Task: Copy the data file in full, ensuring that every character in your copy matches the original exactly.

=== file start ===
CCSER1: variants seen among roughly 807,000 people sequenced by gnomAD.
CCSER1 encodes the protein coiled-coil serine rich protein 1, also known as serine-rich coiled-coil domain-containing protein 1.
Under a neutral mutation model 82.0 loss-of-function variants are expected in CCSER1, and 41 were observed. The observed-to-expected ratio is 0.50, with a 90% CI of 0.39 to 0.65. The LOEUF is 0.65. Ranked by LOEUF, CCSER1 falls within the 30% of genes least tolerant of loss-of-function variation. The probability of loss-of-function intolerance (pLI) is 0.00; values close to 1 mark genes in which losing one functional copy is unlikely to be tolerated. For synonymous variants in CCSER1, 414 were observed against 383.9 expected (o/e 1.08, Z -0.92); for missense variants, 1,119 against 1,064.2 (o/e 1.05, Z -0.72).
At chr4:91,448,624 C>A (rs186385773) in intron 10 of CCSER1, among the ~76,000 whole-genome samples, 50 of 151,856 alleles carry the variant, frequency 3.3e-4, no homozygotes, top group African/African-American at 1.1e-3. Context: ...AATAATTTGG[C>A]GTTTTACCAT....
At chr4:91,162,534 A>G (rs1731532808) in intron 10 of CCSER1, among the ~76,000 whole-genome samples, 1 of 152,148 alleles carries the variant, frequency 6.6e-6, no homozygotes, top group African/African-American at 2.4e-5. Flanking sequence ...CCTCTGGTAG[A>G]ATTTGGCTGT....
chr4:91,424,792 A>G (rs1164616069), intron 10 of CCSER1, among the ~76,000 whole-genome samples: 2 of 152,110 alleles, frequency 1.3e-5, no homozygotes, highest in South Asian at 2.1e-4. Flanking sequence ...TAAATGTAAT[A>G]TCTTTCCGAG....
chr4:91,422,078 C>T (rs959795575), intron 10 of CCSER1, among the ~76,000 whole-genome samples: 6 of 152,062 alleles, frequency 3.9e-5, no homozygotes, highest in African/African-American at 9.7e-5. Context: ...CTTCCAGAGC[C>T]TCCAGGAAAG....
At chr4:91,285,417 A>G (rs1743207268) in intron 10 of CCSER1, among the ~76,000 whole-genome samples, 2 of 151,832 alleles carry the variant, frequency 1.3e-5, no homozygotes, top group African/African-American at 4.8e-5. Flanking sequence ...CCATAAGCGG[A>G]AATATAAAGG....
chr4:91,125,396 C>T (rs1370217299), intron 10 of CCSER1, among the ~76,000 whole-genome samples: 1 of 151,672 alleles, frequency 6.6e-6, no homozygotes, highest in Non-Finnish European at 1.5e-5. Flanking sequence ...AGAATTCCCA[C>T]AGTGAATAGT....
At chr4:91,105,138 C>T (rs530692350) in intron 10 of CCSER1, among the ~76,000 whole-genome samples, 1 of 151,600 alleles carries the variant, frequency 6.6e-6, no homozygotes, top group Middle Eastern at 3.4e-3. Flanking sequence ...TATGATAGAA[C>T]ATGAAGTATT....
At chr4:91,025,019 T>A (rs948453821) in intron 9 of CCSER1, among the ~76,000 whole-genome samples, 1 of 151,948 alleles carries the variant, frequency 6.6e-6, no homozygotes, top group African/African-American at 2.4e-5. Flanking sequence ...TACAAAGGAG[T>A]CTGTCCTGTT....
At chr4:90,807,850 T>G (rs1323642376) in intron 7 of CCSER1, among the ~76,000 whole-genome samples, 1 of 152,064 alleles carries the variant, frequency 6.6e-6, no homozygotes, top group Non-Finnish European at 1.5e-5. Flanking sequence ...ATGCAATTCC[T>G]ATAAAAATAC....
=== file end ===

CCSER1: variants seen among roughly 807,000 people sequenced by gnomAD.
CCSER1 encodes the protein coiled-coil serine rich protein 1, also known as serine-rich coiled-coil domain-containing protein 1.
Under a neutral mutation model 82.0 loss-of-function variants are expected in CCSER1, and 41 were observed. The observed-to-expected ratio is 0.50, with a 90% CI of 0.39 to 0.65. The LOEUF is 0.65. Ranked by LOEUF, CCSER1 falls within the 30% of genes least tolerant of loss-of-function variation. The probability of loss-of-function intolerance (pLI) is 0.00; values close to 1 mark genes in which losing one functional copy is unlikely to be tolerated. For synonymous variants in CCSER1, 414 were observed against 383.9 expected (o/e 1.08, Z -0.92); for missense variants, 1,119 against 1,064.2 (o/e 1.05, Z -0.72).
At chr4:91,448,624 C>A (rs186385773) in intron 10 of CCSER1, among the ~76,000 whole-genome samples, 50 of 151,856 alleles carry the variant, frequency 3.3e-4, no homozygotes, top group African/African-American at 1.1e-3. Context: ...AATAATTTGG[C>A]GTTTTACCAT....
At chr4:91,162,534 A>G (rs1731532808) in intron 10 of CCSER1, among the ~76,000 whole-genome samples, 1 of 152,148 alleles carries the variant, frequency 6.6e-6, no homozygotes, top group African/African-American at 2.4e-5. Flanking sequence ...CCTCTGGTAG[A>G]ATTTGGCTGT....
chr4:91,424,792 A>G (rs1164616069), intron 10 of CCSER1, among the ~76,000 whole-genome samples: 2 of 152,110 alleles, frequency 1.3e-5, no homozygotes, highest in South Asian at 2.1e-4. Flanking sequence ...TAAATGTAAT[A>G]TCTTTCCGAG....
chr4:91,422,078 C>T (rs959795575), intron 10 of CCSER1, among the ~76,000 whole-genome samples: 6 of 152,062 alleles, frequency 3.9e-5, no homozygotes, highest in African/African-American at 9.7e-5. Context: ...CTTCCAGAGC[C>T]TCCAGGAAAG....
At chr4:91,285,417 A>G (rs1743207268) in intron 10 of CCSER1, among the ~76,000 whole-genome samples, 2 of 151,832 alleles carry the variant, frequency 1.3e-5, no homozygotes, top group African/African-American at 4.8e-5. Flanking sequence ...CCATAAGCGG[A>G]AATATAAAGG....
chr4:91,125,396 C>T (rs1370217299), intron 10 of CCSER1, among the ~76,000 whole-genome samples: 1 of 151,672 alleles, frequency 6.6e-6, no homozygotes, highest in Non-Finnish European at 1.5e-5. Flanking sequence ...AGAATTCCCA[C>T]AGTGAATAGT....
At chr4:91,105,138 C>T (rs530692350) in intron 10 of CCSER1, among the ~76,000 whole-genome samples, 1 of 151,600 alleles carries the variant, frequency 6.6e-6, no homozygotes, top group Middle Eastern at 3.4e-3. Flanking sequence ...TATGATAGAA[C>T]ATGAAGTATT....
At chr4:91,025,019 T>A (rs948453821) in intron 9 of CCSER1, among the ~76,000 whole-genome samples, 1 of 151,948 alleles carries the variant, frequency 6.6e-6, no homozygotes, top group African/African-American at 2.4e-5. Flanking sequence ...TACAAAGGAG[T>A]CTGTCCTGTT....
At chr4:90,807,850 T>G (rs1323642376) in intron 7 of CCSER1, among the ~76,000 whole-genome samples, 1 of 152,064 alleles carries the variant, frequency 6.6e-6, no homozygotes, top group Non-Finnish European at 1.5e-5. Flanking sequence ...ATGCAATTCC[T>G]ATAAAAATAC....